ALJ/MAB/tcg DRAFTAgenda ID #8848 (Rev. 2)
2/4/10 Item 4
Decision REVISED PROPOSED DECISION OF ALJ BUSHEY (Mailed 12/17/2009)
BEFORE THE PUBLIC UTILITIES COMMISSION OF THE STATE OF CALIFORNIAApplication of Calaveras Telephone Company (U1004C), Cal-Ore Telephone Co. (U1006C), Ducor Telephone Company (U1007C), Happy Valley Telephone Company (U1010C), Hornitos Telephone Company (U1011C), Kerman Telephone Co. (U1012C), The Ponderosa Telephone Co. (U1014C), Sierra Telephone Company, Inc. (U1016C), The Siskiyou Telephone Company (U1017C), Volcano Telephone Company (U1019C), and Winterhaven Telephone Company (U1021C) for Ratemaking Determination regarding Dissolution of Rural Telephone Bank. / Application 07-12-026
(Filed December 20, 2007)
DECISION DETERMINING RATEMAKING TREATMENT FOR
RURAL TELEPHONE BANK STOCK DISSOLUTION PROCEEDS AND ORDER TO SHOW CAUSE
This decision finds that the applicants received $31,295,903.13 in 2006 from the Rural Telephone Bank stock dividends and redemption, and that this amount should be credited to ratepayers. Applicants are ordered to Show Cause why they should not be subject to penalties for violating Decision91-09-042 and Rule1 of the Commission’s Rules of Practice and Procedure.
On December 20, 2007, the applicants sought a determination of the proper ratemaking treatment for Rural Telephone Bank stock redemption proceeds that each applicant had received as a result of the dissolution of the Rural Telephone Bank. No protests were filed.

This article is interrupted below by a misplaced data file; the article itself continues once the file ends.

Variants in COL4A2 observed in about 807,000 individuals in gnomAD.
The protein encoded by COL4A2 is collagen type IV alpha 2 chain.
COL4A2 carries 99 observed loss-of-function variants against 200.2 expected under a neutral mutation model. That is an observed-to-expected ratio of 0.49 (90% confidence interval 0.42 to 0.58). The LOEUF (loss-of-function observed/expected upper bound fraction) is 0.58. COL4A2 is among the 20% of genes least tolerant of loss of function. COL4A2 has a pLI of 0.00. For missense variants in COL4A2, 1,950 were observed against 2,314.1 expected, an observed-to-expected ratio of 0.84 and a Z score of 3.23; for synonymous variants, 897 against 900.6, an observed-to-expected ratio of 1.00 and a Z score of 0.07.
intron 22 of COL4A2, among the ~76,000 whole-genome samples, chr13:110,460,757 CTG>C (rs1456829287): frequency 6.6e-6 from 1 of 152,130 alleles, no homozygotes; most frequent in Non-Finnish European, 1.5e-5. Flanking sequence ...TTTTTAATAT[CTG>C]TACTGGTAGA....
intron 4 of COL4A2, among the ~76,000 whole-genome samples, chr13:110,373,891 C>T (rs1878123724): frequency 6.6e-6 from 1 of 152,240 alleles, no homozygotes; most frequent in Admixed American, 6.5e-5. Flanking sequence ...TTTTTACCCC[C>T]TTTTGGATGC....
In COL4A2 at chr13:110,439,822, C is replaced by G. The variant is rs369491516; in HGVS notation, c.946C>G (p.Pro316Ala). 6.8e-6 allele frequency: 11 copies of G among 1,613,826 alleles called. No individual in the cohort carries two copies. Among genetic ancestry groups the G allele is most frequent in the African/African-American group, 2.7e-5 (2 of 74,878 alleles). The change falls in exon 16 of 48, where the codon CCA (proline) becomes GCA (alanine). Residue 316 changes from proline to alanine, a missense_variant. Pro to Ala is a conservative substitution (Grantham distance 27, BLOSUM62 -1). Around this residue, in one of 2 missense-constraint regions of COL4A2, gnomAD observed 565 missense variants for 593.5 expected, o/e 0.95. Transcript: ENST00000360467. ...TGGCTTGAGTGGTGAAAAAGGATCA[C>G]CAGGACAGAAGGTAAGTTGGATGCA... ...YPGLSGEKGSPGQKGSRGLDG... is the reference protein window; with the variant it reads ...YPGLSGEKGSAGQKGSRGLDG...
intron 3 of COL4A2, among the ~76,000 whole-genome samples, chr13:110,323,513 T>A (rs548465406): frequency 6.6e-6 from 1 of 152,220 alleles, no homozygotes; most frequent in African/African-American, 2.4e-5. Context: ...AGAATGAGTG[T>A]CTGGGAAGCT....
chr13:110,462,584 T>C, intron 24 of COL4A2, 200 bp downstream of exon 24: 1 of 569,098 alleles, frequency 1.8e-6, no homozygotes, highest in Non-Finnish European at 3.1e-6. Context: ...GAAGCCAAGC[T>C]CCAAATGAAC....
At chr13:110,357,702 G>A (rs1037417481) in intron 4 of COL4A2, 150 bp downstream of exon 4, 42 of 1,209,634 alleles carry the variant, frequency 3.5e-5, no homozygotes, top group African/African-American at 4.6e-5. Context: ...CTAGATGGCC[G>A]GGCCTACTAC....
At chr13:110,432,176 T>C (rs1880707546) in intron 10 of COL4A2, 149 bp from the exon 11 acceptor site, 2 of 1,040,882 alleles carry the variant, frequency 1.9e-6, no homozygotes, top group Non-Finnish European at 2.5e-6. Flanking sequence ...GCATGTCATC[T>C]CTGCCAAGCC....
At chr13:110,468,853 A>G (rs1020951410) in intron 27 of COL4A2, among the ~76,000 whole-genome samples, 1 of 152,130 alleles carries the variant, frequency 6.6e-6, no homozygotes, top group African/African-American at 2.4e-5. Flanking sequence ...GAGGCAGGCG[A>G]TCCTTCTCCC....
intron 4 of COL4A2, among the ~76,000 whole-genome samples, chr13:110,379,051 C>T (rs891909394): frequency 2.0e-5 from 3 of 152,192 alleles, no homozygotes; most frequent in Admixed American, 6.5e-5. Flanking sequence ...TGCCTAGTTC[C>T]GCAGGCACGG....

In response to a request from the assigned Administrative Law Judge (ALJ), the applicants filed additional information on September 18, 2008.
The Commission’s Communications Division submitted its first set of data requests to applicants on April 21, 2009. Pursuant to a May 18, 2009, ruling by the assigned ALJ, the applicants filed and served their responses on May 22, 2009.
The Communications Division submitted a second set of data requests to applicants on June 2, 2009, and the applicants filed and served their responses on June 24, 2009, with an amendment following on June 30, 2009. In their data requests to applicants, the Communications Division sought further information and documentation demonstrating that shareholders had provided the purchase price of the Rural Telephone Bank stock.
In responses filed on May 22, 2009, and June 24, 2009 as amended on June30, 2009, applicants stated that the Commission did not address specific debt obligations, such as outstanding loans from the Rural Telephone Bank, in adopting a capital structure for ratemaking purposes and that the value of the Rural Telephone Bank stock was recorded in Account 1402, a below-the-line, non-regulated account, as required by Federal Accounting Rules.
On September 15, 2009, the assigned ALJ mailed her Proposed Decision. The applicants filed comments on the Proposed Decision on October 12, 2009. Also on that date, applicants moved to reopen the record for the submission of additional evidence. On October 15, 2009, the assigned ALJ granted the motion.